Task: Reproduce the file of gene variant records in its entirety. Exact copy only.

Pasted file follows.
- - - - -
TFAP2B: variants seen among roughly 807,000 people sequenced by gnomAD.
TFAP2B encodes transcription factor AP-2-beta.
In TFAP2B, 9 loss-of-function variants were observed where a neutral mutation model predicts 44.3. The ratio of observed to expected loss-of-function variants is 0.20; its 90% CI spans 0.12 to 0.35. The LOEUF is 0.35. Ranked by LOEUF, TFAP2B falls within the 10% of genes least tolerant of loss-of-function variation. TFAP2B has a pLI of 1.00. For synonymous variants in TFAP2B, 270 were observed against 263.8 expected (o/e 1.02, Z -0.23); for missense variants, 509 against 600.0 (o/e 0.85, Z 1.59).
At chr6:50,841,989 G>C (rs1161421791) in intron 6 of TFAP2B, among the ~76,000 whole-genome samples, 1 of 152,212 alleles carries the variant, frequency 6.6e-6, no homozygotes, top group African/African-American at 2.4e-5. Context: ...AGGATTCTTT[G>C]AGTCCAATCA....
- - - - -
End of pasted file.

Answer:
TFAP2B: variants seen among roughly 807,000 people sequenced by gnomAD.
TFAP2B encodes transcription factor AP-2-beta.
In TFAP2B, 9 loss-of-function variants were observed where a neutral mutation model predicts 44.3. The ratio of observed to expected loss-of-function variants is 0.20; its 90% CI spans 0.12 to 0.35. The LOEUF is 0.35. Ranked by LOEUF, TFAP2B falls within the 10% of genes least tolerant of loss-of-function variation. TFAP2B has a pLI of 1.00. For synonymous variants in TFAP2B, 270 were observed against 263.8 expected (o/e 1.02, Z -0.23); for missense variants, 509 against 600.0 (o/e 0.85, Z 1.59).
At chr6:50,841,989 G>C (rs1161421791) in intron 6 of TFAP2B, among the ~76,000 whole-genome samples, 1 of 152,212 alleles carries the variant, frequency 6.6e-6, no homozygotes, top group African/African-American at 2.4e-5. Context: ...AGGATTCTTT[G>C]AGTCCAATCA....